If you didn’t major in physics, a bachelor’s degree in engineering or a similar natural science could also qualify you for graduate study in medical physics.
Even though there are no undergraduate degrees in medical physics, some schools give recommended tracks to design a course program for students who want to pursue graduate work in medical physics. See if your school offers this service, or find a sample course track online.[3]
If you’re at all unsure on what courses will prepare you for graduate work in medical physics, speak with an adviser at your college.
Apply to CAMPEP-accredited Master’s degree programs in medical physics. The Commission on Accreditation of Medical Physics Education Programs (CAMPEP) is responsible for certifying medical physics graduate programs. Explore certified MS programs and find out the admissions requirements for each. Usually, programs require your transcripts, a personal statement, and letters of recommendation. Some may also require an interview. Keep track of each program’s requirements and due dates so you submit all your applications correctly.[4]
Highlight any lab or non-classroom experience you have in your personal statement. Medical physics is a hands-on field, so graduate programs will like to see candidates with hands-on experience.
Keep your grades up during college to increase your chances of getting into graduate school. Many graduate programs require at least a 3.0 GPA for entry.
For a current list of graduate programs offering medical physics degrees, visit http://www.campep.org/campeplstgrad.asp.
Complete your MS degree in medical physics. Master’s programs in medical physics require 2 years of full-time study. Starting in the fall, these programs provide a rigorous schedule of classwork and practical lab or internship duties. At the end of the program, you may have to write a master’s thesis or take a comprehensive exam. Work through the program to obtain your MS degree in medical physics.[5]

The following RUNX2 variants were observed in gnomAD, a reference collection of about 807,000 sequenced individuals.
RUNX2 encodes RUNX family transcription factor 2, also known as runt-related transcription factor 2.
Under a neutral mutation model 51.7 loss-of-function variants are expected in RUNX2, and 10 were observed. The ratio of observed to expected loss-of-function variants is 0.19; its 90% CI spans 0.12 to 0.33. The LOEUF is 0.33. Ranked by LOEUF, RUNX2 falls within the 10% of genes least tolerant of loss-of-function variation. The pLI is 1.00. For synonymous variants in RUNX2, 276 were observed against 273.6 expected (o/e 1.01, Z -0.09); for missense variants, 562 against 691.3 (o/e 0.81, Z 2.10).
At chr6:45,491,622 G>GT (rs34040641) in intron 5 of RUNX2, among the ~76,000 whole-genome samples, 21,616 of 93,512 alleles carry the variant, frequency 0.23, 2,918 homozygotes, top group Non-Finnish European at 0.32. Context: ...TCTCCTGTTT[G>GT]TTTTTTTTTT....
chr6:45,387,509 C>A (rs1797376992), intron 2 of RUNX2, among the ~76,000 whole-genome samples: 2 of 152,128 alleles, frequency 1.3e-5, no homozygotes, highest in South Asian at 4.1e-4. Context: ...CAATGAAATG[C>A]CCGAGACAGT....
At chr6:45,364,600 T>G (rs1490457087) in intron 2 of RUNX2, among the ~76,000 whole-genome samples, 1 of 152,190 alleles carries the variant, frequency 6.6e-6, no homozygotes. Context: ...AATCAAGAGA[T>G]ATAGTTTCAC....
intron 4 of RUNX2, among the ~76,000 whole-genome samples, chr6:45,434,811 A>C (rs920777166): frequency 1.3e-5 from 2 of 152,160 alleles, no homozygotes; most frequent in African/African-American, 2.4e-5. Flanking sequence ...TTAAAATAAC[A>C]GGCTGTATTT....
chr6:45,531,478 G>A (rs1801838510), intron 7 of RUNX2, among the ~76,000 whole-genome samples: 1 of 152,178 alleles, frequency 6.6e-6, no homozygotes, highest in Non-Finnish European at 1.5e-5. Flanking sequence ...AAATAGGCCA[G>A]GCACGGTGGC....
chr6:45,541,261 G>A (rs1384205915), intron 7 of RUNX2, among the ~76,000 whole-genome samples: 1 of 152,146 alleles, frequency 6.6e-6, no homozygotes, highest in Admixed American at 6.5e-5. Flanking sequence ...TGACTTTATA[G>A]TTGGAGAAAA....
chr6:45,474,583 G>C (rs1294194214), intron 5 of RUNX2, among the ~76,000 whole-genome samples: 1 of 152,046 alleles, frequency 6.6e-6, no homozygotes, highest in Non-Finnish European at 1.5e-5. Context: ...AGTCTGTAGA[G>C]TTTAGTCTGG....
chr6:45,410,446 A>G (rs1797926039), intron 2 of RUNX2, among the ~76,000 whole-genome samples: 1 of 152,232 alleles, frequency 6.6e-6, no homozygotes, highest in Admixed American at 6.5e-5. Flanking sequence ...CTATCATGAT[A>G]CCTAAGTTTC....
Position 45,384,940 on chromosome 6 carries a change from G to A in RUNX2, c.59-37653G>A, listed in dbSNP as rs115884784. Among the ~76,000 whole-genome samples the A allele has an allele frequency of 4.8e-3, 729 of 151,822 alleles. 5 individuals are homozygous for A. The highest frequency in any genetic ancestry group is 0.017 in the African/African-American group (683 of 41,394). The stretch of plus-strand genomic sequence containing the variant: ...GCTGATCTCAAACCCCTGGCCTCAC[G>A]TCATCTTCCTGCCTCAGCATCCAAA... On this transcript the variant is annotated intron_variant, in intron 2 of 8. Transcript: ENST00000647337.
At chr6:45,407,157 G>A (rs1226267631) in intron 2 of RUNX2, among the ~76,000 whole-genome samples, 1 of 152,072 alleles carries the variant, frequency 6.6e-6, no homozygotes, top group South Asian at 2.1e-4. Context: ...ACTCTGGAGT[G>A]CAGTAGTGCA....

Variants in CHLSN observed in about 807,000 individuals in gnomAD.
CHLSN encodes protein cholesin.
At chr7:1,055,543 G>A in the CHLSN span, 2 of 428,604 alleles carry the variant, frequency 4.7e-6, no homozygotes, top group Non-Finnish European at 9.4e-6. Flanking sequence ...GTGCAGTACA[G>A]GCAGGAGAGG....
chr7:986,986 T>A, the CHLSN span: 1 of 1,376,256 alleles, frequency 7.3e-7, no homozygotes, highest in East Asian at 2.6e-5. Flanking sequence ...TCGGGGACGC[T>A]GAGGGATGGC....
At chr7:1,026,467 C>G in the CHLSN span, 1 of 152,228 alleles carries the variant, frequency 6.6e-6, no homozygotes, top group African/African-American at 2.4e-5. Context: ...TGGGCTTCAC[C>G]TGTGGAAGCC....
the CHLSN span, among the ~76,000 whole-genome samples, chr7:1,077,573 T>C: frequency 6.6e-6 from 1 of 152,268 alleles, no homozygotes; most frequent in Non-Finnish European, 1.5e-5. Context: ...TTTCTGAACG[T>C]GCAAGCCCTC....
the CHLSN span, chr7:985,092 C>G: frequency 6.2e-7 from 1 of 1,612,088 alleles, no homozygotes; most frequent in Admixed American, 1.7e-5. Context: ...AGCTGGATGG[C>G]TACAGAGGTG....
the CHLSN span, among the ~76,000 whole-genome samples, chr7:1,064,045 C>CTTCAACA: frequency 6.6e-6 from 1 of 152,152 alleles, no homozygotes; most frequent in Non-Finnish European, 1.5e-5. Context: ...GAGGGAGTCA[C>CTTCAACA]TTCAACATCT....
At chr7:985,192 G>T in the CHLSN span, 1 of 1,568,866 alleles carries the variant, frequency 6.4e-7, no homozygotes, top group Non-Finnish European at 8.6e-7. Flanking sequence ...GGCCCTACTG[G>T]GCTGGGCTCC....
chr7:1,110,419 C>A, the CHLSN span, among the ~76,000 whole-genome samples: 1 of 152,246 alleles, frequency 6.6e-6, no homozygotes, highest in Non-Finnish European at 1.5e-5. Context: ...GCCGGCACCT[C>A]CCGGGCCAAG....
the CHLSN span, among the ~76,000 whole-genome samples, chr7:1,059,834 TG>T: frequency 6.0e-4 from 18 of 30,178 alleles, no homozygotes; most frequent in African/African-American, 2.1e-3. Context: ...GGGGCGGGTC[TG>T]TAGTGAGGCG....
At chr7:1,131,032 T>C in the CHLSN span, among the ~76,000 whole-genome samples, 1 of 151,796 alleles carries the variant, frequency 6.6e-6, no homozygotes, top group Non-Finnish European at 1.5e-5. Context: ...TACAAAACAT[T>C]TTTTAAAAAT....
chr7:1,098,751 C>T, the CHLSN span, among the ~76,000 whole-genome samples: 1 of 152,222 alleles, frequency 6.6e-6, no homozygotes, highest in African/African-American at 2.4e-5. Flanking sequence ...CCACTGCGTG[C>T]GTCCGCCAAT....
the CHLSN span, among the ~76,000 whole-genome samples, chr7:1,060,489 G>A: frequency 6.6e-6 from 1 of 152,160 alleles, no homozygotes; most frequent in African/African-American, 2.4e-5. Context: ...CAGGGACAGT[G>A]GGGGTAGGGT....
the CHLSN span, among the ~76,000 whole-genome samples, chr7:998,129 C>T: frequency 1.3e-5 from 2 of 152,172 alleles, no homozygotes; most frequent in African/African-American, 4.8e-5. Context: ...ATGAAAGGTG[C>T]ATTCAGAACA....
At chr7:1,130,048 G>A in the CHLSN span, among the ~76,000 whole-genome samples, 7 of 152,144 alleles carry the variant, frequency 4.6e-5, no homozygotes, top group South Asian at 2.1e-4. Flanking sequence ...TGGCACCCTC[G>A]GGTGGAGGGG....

Always work with your program adviser to design your program so you know the correct courses to take for your degree.
Some universities require an internship during the program as well. This provides hands-on training in the field and will help you build experience to find a job.
Programs require either a master’s thesis or a comprehensive exam to complete your master’s degree. Some give you a choice, and some require one or the other. Follow your program’s requirements to complete the degree.
Pursue a PhD if you want to enter university work. For most jobs in the medical physics field, an MS degree is all you need for entry. But if you want to work at a university, either as a teacher or a researcher, you’ll probably need a PhD. Find CAMPEP-accredited PhD programs, just like you did for your MS, and apply for entry. PhD programs usually require 30 more credits of coursework, a comprehensive examination, and a detailed research project that results in your written dissertation. This could all be 3-5 years or more of work. When you finish, you’ll be qualified to hold university positions in medical physics.[6]
Make sure your career goals require a PhD before making the commitment. You may be able to work with only an MS, meaning you won’t need several more years of schooling.
A PhD may also open new career opportunities in industry work as well. The degree isn’t required for entry-level work, but it may qualify you for promotions and pay raises later on. If you feel like your career reached a plateau, a doctorate may open new doors.[Edit]Getting Board Certification
Take part 1 of the American Board of Radiology (ABR) certification test. After you complete your MS degree, you’re qualified to take part one of the ABR’s certification test. This is a knowledge test based on the material in your MS coursework. The ABR accepts applications for the exam in the fall, and tests are administered at a Pearson testing center. Study and pass this test to move on in the certification process.[7]
Pearson testing centers are located throughout the US. Find the one closest to you by visiting https://home.pearsonvue.com/abr.
You have 5 years from the completion of your degree to take and pass this test.
For a content guide of what to expect on the first test, visit https://www.theabr.org/medical-physics/initial-certification/part-1-exam/content-guide.
The part 1 test is not required for getting residencies, but getting a good score on the test could increase your chances of getting the residency of your choice.